When Jesus speaks of “judge not, condemn not,” He’s talking about gossips and slanderers, who are blinded by their planks and judge the splinters of others. These pass sentences on others without authority, out of malice, hatred, and wicked intent, thinking if not saying, “I wish this or that person would fall on their sword, or had this or that punishment.” This is usurping judgment from God and those whom He has set up with the office. It is a sin against natural law and God’s law and brings condemnation itself. 

Do you remember the Eighth Commandment? “You shall not give false testimony against your neighbor.” And Luther’s explanation? “We should fear and love God so that we do not tell lies about our neighbor, betray him, slander him, or hurt his reputation, but defend him, speak well of him, and explain everything in the kindest way.” As the Apostle John says, “Whoever hates his brother is a murderer, and you know that no murderer has eternal life abiding in him” (1 John 3:15). The one who judges, sentences, and condemns his brother without being given the office has murdered him already.

And those within the offices of preacher, father, teacher, or magistrate cannot exercise their office faithfully when they themselves live in rebellion to the Word that governs their office. The preacher whose own words and behavior betray the Word he preaches cannot be trusted. The father who accuses his children of sin that he himself commits will fall under the same judgment. The teacher who speaks of right and wrong, good and evil, truth and error but himself denies in word and deed will undermine his teaching. A ruler who demands the rule of law but puts himself above that rule is a tyrant. And the Bible gives us a particular word for all such rebellion: hypocrisy.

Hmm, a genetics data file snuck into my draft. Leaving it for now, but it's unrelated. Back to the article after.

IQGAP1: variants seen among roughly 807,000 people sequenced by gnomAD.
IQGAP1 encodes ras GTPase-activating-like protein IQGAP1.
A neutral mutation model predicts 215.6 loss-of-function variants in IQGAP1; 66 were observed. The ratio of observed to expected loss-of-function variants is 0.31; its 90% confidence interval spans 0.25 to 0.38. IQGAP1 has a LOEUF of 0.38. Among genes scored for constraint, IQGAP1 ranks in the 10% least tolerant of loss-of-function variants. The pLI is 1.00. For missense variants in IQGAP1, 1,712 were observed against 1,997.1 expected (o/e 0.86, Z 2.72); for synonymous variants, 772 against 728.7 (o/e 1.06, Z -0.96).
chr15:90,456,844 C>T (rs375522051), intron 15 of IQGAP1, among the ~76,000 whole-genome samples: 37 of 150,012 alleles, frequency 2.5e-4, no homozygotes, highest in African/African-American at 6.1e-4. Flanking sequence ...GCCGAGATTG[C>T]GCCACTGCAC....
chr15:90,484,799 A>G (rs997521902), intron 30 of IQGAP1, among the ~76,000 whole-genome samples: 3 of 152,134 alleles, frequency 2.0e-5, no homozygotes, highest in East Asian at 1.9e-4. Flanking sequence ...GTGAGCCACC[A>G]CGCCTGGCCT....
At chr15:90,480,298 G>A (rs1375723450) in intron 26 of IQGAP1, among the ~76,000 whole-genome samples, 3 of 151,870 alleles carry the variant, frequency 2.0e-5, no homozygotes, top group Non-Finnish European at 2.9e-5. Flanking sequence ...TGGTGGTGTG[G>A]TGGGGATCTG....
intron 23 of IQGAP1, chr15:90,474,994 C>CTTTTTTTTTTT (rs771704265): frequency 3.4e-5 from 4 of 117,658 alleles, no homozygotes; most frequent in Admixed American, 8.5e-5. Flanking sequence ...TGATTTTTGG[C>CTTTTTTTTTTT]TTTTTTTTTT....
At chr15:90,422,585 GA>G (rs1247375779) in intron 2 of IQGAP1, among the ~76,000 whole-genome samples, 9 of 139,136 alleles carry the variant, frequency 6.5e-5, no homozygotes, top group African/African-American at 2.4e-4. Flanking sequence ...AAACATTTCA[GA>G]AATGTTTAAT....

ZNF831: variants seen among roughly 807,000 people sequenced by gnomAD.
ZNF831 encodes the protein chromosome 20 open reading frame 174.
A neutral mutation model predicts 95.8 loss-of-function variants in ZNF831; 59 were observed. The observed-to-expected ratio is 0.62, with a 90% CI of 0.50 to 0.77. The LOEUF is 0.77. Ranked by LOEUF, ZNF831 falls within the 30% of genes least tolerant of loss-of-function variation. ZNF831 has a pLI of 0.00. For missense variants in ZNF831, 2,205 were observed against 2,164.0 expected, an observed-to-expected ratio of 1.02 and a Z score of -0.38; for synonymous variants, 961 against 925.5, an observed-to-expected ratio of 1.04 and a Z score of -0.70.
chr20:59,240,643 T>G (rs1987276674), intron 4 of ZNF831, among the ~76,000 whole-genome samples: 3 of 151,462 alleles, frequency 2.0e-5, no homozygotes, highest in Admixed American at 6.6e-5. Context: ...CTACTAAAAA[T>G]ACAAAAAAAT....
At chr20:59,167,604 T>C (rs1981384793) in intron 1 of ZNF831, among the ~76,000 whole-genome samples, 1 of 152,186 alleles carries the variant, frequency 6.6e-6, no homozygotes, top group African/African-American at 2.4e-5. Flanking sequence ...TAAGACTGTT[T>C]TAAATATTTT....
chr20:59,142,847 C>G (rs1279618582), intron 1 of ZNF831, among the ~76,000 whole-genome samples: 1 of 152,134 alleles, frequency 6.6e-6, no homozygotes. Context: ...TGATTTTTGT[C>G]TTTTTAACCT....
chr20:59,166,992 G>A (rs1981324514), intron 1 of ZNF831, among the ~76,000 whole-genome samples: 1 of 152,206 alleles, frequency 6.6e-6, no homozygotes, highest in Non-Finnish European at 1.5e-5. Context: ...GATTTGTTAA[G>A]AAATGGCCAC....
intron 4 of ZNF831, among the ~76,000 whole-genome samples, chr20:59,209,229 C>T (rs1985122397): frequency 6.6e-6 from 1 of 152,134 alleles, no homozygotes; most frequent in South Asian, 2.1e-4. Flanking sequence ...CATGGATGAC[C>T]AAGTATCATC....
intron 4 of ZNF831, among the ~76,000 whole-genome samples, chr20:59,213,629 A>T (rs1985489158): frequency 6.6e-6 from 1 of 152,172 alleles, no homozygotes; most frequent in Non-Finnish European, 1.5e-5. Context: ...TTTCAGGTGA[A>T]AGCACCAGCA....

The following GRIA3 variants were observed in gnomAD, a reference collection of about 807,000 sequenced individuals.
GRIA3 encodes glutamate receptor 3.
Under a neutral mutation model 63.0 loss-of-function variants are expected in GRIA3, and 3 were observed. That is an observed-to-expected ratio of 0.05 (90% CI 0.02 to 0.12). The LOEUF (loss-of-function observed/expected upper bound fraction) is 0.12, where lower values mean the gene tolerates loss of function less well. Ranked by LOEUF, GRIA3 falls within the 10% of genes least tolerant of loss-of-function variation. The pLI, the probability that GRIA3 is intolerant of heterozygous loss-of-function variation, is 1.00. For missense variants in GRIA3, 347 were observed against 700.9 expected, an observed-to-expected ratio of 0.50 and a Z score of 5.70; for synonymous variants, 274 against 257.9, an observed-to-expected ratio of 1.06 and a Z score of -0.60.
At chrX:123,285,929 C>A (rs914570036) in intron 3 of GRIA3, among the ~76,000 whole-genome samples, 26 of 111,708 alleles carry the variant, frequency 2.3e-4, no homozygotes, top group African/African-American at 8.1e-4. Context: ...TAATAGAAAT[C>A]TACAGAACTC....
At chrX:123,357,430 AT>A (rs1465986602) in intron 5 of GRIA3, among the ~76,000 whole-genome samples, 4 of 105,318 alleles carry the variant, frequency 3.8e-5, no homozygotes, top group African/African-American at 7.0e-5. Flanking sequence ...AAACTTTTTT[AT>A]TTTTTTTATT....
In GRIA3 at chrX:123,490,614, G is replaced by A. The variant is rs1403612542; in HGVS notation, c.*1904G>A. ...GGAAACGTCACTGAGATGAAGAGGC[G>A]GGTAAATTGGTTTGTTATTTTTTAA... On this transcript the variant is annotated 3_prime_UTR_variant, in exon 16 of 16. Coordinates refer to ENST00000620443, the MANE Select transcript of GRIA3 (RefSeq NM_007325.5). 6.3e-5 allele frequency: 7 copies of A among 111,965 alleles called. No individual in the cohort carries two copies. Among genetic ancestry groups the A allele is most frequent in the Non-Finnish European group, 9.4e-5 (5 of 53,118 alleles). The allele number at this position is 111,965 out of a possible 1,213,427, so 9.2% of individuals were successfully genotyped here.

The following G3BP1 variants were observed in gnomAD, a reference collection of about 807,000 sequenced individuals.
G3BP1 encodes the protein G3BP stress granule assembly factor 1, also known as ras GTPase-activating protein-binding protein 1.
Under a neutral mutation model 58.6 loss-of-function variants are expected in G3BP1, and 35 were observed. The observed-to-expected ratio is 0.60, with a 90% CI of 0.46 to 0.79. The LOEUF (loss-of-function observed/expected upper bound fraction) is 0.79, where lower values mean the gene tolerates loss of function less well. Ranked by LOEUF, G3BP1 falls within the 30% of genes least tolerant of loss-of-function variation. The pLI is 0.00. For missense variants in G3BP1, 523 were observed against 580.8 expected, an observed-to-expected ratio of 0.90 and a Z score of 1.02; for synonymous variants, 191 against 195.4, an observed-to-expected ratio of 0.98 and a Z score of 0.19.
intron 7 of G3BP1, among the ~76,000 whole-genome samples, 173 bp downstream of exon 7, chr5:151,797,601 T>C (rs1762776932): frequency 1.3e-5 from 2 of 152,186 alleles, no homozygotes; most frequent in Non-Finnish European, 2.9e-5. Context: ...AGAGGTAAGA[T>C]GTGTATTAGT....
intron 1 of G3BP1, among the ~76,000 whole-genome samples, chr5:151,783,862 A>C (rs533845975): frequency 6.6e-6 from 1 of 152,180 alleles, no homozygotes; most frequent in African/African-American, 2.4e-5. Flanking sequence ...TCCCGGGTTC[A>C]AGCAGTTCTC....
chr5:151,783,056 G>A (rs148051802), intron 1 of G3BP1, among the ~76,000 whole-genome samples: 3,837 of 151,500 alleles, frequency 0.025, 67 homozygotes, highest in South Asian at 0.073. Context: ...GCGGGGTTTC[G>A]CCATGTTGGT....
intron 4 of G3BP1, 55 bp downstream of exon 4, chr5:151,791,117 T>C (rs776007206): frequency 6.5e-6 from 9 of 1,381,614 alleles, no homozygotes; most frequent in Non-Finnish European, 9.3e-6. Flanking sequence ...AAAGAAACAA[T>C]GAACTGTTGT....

What’s the way forward, then? How can we have judgment and amendment of life? How can we bring about the order and peace we desperately want, even in an incomplete way? The problems in church, culture and political order aren’t physical and earthly. Our accusations and judgments are only symptoms of the real, spiritual depravity underneath. All your words and actions will only have a limited and temporary effect on the sins of others. The only way for your life to be even a little bit more like what you expect is to be again humbled under God’s mighty hand. 

God the Father, working through the Word of Jesus and by the power of the Holy Spirit, will make, accomplish, and do in you what is needful. And by repenting you, forgiving your sin, and amending your heart, the world around you will begin to change. The good measure given to you will overflow in the same kind for those around you. As you are forgiven by God, you forgive those who sin against you. As you are shown mercy by God, so mercy will overflow for those near you. As God removes the plank from your eye, you will compassionately and in love be given to assist your neighbor with the speck in theirs.

You were once blind, but now you see. You aren’t blinded by a speck or a splinter, but now you see before your eyes the wood of the cross and Christ crucified upon it. Jesus is the good tree that bears good fruit. You are grafted onto Him through your baptism. You are nurtured by the sap of His Word. You are fed with His body and blood. And in Him, you bear good fruit in the same measure it has been given to you. Living in the repentance, forgiveness, and faith Jesus gives, don’t be surprised when His life overflows in love and mercy toward those near you, love for your enemies, good for those who hate you, prayers for those who seek your harm, without judgment or condemnation, and eagerness to forgive, give,  loan, counsel, and help. Live in the mercy of God the Father, that you overflow in His mercy. Amen.

The peace of God, which surpasses all understanding, guard your hearts and minds through Christ Jesus. Amen.

Rev. Christopher R. Gillespie
St. John Ev. Lutheran Church & School – Sherman Center
Random Lake, Wisconsin